Casino crime fears a 'myth,' lottery spokesman says
The third public meeting in less than a week on a proposed casino in South Surrey heard reassurances about the potential for increased crime from a spokesman for the government body that regulates casinos.
"A lot of people have these myths about what happens in a casino," said Jim Lightbody, B.C. Lottery Corporation's (BCLC's) vice-president of Casino and Community Gaming.
Lightbody was being interviewed by CTV News at a Wednesday night public information meeting organized by Gateway Casinos and Entertainment, the company that hopes to build a $100-million casino, hotel and convention centre complex at 10 Avenue and 168 Street.
Lightbody was reacting to comments from some residents who predicted the casino will bring money-laundering, loan-sharking, drug dealing and other crimes to the community.
"We have cameras, as you can understand, everywhere," Lightbody said. "We have security everywhere."
Gateway estimated 300-350 people attended the three-hour information meeting at Hazelmere Country Club.
"It was a valuable opportunity to solicit public feedback and get accurate information out about the proposed project," Gateway general counsel James Chen said in an email to Peace Arch News Thursday.
"We understand that the proposed project won’t be supported by everyone in the community, but what we are looking forward to is the opportunity to engage in a dialogue with residents and concerned citizens about the project benefits, details and impact, and ensure that accurate information is getting out to the community."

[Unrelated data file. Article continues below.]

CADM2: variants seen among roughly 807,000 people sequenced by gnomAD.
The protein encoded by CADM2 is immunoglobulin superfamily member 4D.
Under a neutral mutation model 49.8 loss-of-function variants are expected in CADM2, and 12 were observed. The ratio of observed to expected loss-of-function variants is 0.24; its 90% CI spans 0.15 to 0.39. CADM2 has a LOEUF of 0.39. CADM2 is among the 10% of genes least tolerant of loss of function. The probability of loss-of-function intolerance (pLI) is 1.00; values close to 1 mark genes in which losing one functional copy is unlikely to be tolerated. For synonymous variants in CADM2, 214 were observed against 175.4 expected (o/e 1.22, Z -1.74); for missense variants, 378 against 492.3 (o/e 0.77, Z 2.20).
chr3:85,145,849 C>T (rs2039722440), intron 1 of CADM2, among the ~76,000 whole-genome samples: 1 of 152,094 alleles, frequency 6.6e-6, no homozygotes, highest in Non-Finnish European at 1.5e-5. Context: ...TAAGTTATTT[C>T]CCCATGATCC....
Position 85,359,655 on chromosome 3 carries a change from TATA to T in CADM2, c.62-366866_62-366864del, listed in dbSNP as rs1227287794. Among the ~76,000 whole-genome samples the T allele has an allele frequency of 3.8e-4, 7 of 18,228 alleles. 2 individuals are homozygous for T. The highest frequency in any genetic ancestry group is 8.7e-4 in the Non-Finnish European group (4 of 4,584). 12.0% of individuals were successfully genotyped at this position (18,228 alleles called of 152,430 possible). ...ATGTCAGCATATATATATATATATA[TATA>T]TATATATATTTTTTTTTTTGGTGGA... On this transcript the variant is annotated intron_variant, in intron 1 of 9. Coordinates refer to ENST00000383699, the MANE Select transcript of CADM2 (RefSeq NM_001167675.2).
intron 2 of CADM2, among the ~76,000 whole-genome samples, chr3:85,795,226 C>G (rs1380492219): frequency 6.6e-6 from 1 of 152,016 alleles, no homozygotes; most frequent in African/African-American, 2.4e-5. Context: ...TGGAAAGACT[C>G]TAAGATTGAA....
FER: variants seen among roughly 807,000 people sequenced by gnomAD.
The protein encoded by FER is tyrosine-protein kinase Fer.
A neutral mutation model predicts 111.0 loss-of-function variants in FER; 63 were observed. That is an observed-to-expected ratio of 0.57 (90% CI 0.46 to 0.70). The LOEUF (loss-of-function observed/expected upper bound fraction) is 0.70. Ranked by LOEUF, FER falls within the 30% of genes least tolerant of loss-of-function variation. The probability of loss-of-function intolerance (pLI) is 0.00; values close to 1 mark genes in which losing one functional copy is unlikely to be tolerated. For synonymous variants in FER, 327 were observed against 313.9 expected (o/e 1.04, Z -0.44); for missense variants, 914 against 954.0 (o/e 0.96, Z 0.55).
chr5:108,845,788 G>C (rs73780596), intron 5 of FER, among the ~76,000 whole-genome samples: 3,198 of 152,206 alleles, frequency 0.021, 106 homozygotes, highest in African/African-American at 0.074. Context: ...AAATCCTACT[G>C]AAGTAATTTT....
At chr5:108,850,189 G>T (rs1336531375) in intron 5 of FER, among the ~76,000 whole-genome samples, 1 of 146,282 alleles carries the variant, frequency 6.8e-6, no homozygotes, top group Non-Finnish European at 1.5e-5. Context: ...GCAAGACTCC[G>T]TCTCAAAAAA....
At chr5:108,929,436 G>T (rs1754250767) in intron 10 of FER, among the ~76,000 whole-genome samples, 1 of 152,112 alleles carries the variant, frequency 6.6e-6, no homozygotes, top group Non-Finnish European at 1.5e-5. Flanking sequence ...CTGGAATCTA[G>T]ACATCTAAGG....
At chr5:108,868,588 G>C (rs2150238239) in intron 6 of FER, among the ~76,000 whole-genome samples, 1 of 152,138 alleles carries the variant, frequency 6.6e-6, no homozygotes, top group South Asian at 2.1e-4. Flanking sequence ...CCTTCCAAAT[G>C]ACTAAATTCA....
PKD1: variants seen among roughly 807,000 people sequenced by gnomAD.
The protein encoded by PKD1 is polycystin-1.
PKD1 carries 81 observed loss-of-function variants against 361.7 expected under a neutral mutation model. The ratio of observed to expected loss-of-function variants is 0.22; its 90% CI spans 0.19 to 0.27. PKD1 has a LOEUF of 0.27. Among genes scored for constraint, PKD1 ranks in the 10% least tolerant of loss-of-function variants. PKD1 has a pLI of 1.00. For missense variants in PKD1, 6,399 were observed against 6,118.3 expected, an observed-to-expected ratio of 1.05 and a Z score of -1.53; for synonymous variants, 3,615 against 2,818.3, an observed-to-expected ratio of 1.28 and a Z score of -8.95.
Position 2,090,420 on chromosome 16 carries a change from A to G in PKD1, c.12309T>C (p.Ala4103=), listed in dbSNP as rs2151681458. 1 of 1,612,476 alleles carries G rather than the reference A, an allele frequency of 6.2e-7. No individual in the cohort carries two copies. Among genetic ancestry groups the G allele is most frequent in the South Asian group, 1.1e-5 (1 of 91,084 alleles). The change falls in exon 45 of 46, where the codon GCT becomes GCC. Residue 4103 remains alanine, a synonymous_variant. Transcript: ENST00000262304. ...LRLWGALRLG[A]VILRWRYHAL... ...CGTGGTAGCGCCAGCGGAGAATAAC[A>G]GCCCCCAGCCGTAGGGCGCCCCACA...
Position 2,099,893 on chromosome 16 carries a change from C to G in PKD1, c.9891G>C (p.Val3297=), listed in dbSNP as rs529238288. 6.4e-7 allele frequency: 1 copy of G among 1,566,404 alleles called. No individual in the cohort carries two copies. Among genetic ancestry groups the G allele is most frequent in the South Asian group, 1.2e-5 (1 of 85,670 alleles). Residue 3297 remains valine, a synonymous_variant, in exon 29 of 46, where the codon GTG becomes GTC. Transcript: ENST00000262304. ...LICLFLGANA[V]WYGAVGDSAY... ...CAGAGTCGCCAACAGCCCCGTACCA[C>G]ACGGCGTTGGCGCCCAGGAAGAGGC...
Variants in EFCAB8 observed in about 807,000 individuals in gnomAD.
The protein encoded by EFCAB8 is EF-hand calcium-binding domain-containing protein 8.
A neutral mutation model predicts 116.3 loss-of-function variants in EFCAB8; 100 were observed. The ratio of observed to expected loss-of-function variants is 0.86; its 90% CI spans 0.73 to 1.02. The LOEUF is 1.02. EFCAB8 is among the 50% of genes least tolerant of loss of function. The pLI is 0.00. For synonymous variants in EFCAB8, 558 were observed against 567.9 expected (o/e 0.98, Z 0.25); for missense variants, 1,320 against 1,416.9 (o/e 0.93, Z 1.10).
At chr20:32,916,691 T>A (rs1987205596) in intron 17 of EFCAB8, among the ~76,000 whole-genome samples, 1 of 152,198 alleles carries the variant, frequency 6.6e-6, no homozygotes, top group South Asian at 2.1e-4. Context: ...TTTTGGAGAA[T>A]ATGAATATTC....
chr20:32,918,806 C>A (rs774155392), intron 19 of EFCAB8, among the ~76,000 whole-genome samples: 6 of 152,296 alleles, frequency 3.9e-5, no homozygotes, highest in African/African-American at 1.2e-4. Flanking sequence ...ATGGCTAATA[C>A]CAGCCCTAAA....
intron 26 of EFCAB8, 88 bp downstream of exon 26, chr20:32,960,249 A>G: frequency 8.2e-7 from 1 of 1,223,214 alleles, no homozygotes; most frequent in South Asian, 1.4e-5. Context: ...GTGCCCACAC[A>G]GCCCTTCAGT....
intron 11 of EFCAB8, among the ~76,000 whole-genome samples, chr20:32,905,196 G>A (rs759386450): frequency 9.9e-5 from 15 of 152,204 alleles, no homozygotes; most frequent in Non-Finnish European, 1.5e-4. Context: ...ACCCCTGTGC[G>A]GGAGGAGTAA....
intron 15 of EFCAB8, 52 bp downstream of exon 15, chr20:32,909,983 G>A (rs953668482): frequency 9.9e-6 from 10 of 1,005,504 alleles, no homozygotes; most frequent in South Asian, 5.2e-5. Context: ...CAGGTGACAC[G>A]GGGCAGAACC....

Chen added the feedback from the meeting will be included in a summary report submitted to the City of Surrey next week.
The two previous public forums, which were not arranged by Gateway, drew about 80 people to a Sunday afternoon hearing and around 60 to an early Wednesday morning meeting.
Those events were organized by Susan Keeping, the BC NDP candidate for Surrey-White Rock, and were dominated by opponents of the project.
According to Gateway and BCLC projections, the complex would produce $6 million in revenues annually for the City of Surrey.
The facility would occupy 18 acres of a 25-acre site.
Preliminary designs call for a landscaped complex that includes a 60,000-sq.-ft. gaming floor, an 800-seat theatre, a 27,000-sq.-ft. convention and entertainment zone, a 200-room, four-star hotel, four restaurants and three lounges.
BCLC has suggested the casino, if approved by the city, could be open as soon as late 2014.
Another public forum, organized by casino opponents, will be held Wednesday, Nov. 14 at the Pacific Inn, 1160 King George Blvd., starting at 7 p.m.
The event is sponsored by the South Surrey Ratepayers Association, which says the mayors of White Rock, Surrey and representatives of the casino and BCLC have been invited to attend.
- with files from CTV News